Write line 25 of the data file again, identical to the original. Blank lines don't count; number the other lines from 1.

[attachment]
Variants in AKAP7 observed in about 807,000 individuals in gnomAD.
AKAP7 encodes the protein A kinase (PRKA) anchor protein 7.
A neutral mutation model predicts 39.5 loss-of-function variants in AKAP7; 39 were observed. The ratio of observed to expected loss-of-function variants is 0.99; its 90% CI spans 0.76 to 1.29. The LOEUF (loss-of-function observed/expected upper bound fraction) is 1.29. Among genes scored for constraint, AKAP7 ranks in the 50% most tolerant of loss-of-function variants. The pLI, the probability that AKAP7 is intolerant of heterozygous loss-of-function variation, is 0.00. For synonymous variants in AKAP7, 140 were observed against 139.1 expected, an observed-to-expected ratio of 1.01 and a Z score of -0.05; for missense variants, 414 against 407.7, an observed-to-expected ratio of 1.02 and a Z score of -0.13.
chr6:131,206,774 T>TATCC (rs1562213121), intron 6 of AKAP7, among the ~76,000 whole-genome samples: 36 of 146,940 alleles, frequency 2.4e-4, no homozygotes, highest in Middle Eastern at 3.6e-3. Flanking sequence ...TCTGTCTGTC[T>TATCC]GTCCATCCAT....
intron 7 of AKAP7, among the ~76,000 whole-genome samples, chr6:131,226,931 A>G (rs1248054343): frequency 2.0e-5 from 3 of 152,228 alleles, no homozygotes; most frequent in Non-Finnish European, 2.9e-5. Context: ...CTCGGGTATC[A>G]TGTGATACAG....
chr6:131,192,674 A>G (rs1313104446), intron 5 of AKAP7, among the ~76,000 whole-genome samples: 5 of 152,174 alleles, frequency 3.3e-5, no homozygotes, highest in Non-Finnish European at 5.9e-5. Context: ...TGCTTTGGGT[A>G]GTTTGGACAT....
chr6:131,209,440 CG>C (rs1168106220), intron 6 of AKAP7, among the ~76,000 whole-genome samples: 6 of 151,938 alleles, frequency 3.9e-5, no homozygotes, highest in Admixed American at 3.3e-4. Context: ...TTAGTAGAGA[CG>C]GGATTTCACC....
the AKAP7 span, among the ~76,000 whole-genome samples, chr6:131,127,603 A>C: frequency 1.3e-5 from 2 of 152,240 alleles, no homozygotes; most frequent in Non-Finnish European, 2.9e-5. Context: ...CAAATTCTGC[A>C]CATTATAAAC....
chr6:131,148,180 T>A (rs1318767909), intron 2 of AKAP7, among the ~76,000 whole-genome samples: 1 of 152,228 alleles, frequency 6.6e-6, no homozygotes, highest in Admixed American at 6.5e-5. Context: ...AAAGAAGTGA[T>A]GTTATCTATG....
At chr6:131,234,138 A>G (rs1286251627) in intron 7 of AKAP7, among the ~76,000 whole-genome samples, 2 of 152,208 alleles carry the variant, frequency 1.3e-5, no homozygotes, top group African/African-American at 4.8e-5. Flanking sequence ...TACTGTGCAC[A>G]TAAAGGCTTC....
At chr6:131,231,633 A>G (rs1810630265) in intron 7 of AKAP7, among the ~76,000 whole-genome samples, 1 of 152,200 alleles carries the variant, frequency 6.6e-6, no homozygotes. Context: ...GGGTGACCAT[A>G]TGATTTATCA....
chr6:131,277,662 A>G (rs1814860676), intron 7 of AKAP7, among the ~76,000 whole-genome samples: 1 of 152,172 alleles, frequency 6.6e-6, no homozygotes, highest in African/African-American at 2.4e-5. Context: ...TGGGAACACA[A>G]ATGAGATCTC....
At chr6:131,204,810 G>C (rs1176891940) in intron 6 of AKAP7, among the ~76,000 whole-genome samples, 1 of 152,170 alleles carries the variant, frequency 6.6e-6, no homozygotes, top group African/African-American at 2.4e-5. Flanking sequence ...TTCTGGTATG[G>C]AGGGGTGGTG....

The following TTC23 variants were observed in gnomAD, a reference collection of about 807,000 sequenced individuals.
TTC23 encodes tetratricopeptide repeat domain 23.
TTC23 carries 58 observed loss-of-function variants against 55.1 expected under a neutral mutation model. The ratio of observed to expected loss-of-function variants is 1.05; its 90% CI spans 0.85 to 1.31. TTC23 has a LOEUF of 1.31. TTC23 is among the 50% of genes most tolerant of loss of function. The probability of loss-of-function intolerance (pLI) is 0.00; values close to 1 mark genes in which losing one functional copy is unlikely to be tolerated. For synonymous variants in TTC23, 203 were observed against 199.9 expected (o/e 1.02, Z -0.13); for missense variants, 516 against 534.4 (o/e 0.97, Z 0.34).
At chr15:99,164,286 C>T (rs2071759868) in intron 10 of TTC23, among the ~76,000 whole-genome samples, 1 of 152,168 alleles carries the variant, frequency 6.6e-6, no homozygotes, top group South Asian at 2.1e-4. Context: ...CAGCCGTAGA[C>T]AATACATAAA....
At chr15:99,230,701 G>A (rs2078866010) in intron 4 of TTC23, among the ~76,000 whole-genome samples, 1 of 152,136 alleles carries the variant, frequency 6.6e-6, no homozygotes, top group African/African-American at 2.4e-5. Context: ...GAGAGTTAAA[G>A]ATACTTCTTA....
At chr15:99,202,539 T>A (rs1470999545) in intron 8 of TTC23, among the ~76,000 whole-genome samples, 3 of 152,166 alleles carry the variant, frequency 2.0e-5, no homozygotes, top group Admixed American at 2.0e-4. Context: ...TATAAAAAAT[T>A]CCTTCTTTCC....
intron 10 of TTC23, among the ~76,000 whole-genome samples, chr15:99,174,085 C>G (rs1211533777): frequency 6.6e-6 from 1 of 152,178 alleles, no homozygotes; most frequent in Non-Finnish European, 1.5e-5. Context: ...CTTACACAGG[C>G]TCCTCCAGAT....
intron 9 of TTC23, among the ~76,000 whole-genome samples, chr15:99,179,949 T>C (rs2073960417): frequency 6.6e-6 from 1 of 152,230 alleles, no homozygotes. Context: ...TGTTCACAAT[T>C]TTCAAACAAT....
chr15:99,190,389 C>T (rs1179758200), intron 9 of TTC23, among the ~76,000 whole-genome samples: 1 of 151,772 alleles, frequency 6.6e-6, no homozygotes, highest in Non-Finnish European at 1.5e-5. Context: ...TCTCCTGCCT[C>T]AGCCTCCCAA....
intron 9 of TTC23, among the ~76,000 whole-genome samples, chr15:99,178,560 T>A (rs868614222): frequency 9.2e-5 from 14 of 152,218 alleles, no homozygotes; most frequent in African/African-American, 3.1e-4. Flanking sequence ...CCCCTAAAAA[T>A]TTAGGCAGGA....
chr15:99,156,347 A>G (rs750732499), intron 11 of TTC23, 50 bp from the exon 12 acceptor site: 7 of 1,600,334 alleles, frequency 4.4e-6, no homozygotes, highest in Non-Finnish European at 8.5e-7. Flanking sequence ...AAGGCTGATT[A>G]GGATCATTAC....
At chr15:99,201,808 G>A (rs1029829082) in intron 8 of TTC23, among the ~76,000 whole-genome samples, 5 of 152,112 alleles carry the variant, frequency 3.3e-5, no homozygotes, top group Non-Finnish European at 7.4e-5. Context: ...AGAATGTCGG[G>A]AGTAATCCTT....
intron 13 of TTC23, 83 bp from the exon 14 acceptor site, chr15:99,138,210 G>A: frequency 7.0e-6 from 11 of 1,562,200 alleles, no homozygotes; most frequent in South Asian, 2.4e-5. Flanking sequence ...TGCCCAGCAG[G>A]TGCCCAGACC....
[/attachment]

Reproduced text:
At chr15:99,201,808 G>A (rs1029829082) in intron 8 of TTC23, among the ~76,000 whole-genome samples, 5 of 152,112 alleles carry the variant, frequency 3.3e-5, no homozygotes, top group Non-Finnish European at 7.4e-5. Context: ...AGAATGTCGG[G>A]AGTAATCCTT....